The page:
for-phone-onlyfor-tablet-portrait-upfor-tablet-landscape-upfor-desktop-upfor-wide-desktop-up
Health News

Latest on the worldwide spread of coronavirus

(Reuters) - Britain re-imposed some lockdown measures as a second wave of coronavirus infections swept across Europe, while the death toll in the United States crossed 200,000, with a report saying the U.S. drug regulator would tighten COVID-19 vaccine authorization standards.

FILE PHOTO: Britain's Prime Minister Boris Johnson gestures during a visit to the Jenner Institute in Oxford, Britain, September 18, 2020. Kirsty Wigglesworth/Pool via REUTERS

DEATHS AND INFECTIONS

* For an interactive graphic tracking the global spread, open tmsnrt.rs/3aIRuz7 in an external browser.

* For a U.S.-focused tracker with a state-by-state and county map, open tmsnrt.rs/2w7hX9T in an external browser.

* Eikon users, see MacroVitals cpurl://apps.cp./cms/?navid=1592404098 for a case tracker and summary of news.

EUROPE

* The British government defended its new, stricter measures against criticism that they did not got far enough, saying it was trying to balance supporting the economy while protecting health.

* The French government is expected to unveil tighter coronavirus restrictions for Paris on Wednesday following a cabinet meeting, BFM TV and Le Parisien newspaper said.

* A consumer rights group said it had filed civil lawsuits against the Austrian government over an outbreak at the ski resort of Ischgl last winter, but it held off on a class-action suit for the time being.

* Travel restrictions around Europe aimed at curbing contagion ravaged Spain’s tourism industry during the crucial month of August, depriving it of millions of tourists.

AMERICAS

* Mexico’s confirmed cases rose to 705,263 on Tuesday, according to updated data from the health ministry, along with a reported death toll of 74,348.

* Wisconsin Governor Tony Evers declared a new public health emergency and extended a face mask mandate into November to fight a coronavirus flareup in his state.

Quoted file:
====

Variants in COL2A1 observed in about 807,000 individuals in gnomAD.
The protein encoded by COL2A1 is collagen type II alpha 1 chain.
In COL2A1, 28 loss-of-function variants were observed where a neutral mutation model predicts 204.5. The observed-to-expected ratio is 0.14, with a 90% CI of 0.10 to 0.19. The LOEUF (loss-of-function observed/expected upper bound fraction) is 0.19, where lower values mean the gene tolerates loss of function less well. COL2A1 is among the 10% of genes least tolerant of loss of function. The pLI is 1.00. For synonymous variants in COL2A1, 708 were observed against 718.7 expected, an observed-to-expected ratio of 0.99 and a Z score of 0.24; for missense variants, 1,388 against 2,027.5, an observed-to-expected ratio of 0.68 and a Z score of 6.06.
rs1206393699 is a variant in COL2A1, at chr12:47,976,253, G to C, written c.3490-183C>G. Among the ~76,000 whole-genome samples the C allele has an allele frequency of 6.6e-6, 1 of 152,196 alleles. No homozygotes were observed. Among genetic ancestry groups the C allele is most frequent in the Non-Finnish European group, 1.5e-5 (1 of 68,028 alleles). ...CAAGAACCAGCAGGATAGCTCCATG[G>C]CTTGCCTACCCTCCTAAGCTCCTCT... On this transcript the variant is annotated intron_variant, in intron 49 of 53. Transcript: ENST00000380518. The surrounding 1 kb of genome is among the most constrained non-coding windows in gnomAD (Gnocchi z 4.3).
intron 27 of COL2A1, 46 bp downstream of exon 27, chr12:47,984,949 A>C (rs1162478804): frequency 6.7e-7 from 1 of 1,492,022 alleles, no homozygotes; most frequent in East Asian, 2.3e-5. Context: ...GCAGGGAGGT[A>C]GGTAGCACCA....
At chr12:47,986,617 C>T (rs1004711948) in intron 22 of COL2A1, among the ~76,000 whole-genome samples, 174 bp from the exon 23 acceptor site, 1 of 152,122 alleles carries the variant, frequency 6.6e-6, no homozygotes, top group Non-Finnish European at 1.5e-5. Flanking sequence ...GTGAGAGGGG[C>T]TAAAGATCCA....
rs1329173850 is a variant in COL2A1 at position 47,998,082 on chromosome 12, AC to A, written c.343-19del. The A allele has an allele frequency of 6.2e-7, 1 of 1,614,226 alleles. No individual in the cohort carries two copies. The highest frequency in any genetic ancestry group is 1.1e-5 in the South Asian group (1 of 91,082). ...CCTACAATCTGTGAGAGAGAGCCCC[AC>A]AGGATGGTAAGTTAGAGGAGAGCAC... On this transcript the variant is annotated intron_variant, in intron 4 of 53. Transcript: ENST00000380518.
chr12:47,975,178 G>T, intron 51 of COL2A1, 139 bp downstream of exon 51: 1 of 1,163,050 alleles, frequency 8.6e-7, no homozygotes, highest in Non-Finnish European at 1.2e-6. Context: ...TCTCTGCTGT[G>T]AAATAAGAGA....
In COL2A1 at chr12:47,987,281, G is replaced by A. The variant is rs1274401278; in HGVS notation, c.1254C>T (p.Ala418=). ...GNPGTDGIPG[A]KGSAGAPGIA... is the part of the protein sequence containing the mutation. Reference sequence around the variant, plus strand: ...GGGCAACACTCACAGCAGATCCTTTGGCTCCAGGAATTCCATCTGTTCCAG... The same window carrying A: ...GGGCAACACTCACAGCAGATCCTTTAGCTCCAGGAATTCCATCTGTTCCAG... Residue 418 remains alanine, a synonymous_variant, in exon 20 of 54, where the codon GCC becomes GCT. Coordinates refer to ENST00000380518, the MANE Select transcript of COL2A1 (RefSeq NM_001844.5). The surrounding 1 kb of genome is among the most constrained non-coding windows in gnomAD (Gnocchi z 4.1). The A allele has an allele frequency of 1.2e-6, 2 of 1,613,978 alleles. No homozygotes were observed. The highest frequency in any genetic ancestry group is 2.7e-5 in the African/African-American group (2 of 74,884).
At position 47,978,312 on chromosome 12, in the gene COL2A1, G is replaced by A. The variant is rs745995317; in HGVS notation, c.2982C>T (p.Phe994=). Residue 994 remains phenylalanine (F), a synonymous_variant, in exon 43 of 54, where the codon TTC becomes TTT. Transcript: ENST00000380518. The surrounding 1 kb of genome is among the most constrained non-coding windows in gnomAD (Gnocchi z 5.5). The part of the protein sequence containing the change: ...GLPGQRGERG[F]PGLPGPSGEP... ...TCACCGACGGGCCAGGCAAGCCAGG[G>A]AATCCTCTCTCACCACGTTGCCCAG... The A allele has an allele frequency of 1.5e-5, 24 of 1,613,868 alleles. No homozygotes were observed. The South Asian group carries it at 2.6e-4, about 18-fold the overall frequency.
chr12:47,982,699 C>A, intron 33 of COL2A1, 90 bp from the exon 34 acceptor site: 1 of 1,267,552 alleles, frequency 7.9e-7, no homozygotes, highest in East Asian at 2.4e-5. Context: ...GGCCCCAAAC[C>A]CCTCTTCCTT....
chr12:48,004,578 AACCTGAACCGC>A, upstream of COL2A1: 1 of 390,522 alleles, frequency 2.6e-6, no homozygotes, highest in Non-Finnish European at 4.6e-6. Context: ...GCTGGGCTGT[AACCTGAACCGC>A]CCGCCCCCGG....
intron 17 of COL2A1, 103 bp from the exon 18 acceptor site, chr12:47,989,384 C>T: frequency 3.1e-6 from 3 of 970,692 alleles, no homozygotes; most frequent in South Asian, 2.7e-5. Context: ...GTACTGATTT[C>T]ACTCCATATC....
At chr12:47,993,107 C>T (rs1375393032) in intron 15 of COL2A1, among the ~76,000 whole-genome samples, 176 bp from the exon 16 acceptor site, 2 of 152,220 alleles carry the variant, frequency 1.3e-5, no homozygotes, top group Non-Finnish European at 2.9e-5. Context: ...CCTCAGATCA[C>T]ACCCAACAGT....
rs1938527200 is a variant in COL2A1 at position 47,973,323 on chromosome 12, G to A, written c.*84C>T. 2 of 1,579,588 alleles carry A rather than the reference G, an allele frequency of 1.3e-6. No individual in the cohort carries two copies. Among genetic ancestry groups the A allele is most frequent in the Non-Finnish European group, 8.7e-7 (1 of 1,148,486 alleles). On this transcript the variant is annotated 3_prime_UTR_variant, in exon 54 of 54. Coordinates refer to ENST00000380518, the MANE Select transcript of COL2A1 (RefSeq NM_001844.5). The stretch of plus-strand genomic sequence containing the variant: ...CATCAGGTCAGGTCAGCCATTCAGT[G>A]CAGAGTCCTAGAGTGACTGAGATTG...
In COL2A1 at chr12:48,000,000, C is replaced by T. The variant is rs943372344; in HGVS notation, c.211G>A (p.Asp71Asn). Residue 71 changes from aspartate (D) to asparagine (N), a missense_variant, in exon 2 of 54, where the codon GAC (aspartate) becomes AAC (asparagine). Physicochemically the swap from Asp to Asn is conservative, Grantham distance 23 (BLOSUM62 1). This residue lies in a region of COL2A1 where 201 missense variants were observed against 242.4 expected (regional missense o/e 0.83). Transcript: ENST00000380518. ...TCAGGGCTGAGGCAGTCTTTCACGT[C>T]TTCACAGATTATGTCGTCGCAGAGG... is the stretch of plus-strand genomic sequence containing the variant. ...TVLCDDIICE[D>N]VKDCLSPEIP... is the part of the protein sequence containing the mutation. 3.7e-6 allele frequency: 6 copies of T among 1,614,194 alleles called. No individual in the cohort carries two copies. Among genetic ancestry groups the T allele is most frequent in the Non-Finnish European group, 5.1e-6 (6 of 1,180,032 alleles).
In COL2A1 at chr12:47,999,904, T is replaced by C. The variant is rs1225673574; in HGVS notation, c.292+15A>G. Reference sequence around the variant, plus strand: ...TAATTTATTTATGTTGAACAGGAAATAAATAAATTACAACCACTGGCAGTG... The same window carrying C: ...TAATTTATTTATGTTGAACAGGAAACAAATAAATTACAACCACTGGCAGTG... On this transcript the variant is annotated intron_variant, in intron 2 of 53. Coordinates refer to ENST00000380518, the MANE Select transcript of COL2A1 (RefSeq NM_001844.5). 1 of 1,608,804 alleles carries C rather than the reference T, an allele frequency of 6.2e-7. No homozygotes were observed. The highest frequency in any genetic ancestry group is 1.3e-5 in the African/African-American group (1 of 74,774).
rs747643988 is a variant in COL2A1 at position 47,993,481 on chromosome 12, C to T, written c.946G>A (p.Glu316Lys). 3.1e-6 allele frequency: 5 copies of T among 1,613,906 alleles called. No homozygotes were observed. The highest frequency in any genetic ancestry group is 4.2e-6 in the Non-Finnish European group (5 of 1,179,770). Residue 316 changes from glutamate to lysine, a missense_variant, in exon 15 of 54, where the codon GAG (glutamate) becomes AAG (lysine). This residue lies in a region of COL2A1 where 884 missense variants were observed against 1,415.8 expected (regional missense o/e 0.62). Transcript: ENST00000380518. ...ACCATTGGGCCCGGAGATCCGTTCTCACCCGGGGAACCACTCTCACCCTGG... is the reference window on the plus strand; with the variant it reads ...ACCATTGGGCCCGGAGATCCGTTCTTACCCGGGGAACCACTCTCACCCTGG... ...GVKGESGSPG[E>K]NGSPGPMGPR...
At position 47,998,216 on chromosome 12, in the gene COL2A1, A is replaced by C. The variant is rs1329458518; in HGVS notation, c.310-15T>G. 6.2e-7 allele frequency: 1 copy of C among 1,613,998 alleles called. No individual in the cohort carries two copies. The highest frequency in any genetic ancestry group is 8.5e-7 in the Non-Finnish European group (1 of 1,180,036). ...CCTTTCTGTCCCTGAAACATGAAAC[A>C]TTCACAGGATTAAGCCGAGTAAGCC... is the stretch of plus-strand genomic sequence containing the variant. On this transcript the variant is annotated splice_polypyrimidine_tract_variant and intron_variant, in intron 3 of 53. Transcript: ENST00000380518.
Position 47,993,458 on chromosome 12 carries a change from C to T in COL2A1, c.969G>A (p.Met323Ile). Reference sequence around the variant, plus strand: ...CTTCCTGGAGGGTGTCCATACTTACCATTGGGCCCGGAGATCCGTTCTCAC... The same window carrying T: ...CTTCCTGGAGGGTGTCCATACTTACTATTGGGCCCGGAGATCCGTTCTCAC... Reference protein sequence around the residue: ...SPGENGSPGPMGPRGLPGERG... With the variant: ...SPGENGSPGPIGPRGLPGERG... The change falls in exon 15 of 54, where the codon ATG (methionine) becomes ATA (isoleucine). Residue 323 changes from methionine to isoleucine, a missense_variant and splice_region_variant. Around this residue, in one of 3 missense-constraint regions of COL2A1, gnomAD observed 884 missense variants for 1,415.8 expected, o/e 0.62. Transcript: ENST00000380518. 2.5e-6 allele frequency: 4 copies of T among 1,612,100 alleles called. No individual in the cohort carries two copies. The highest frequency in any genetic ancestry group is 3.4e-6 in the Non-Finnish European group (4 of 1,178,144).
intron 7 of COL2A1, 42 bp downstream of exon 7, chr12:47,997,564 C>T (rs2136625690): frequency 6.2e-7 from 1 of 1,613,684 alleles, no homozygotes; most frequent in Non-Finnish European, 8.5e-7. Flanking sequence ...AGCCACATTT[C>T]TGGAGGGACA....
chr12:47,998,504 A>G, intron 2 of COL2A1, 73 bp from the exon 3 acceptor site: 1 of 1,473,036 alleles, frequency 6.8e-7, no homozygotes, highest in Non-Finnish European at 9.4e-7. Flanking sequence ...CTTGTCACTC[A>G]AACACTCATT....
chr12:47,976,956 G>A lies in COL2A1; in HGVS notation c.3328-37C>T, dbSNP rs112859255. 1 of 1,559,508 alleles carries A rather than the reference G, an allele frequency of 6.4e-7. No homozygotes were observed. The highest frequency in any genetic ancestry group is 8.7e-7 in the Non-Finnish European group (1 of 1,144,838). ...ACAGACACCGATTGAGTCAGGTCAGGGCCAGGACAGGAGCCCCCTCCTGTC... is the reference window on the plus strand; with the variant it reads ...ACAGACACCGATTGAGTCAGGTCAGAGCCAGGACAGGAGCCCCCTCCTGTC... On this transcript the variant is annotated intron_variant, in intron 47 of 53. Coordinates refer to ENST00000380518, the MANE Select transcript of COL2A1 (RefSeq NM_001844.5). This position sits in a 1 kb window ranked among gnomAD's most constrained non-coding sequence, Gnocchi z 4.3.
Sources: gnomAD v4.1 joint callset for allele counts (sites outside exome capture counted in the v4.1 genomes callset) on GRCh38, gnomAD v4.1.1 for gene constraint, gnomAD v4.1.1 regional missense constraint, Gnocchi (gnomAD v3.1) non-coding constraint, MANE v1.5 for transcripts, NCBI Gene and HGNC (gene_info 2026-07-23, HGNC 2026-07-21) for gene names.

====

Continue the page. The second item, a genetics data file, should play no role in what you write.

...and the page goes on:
* Canada’s Prime Minister Justin Trudeau will unveil on Wednesday what he says is a far-reaching plan to help the economy recover from the pandemic while ensuring efforts to fight the outbreak do not falter.

ASIA-PACIFIC

* Australia’s coronavirus hot spot of Victoria is considering easing curbs sooner than previously flagged, the state’s premier said, as the two-week average of new infections in Melbourne dropped below 30.

* India’s infections surged again on Wednesday, a day after hitting their lowest in almost a month.

* Japan is considering allowing more foreigners into the country for longer stays starting as early as next month, while keeping the COVID-19 entry curbs in place for tourists, the Asahi newspaper reported.

MIDDLE EAST AND AFRICA

* Saudi Arabia will allow pilgrims residing inside the country to undertake the umrah pilgrimage beginning on Oct. 4, after a seven-month pause due, state news agency SPA reported.

* Ethiopia has agreed to buy 1.5 million testing kits that will be made at a factory there that has been newly built by China’s BGI Group, China’s state media agency Xinhua said late on Tuesday.

MEDICAL DEVELOPMENTS

* The U.S. Food and Drug Administration is expected to soon announce new, more stringent standards for an emergency authorization of a COVID-19 vaccine, the Washington Post reported.

* Fujifilm Holdings Corp said its Avigan drug reduced viral loads and symptoms of COVID-19 patients, paving the way for regulatory approval in Japan after months of delays.

ECONOMIC IMPACT

* Euro zone business growth ground to a halt this month as the service industry slammed into reverse, knocked by a resurgence in cases that pushed governments to reintroduce restrictions and citizens to stay at home, a survey showed.

* World shares stabilised and the dollar rose on Wednesday with overnight gains of stay-at-home Wall Street tech champions helped balance concerns that new restrictions to counter resurging infections will hurt economic recovery.[MKTS/GLOB]

* Business sentiment among Asian firms rebounded in the third quarter as easing restrictions lifted sales, but lingering uncertainty over the pandemic thwarted a return to business-as-usual, a Thomson Reuters/INSEAD survey showed.

Compiled by Linda Pasquini, Devika Syamnath and Amy Caren Daniel; Edited by Sriraj Kalluvila, Shounak Dasgupta and Tomasz Janowski

for-phone-onlyfor-tablet-portrait-upfor-tablet-landscape-upfor-desktop-upfor-wide-desktop-up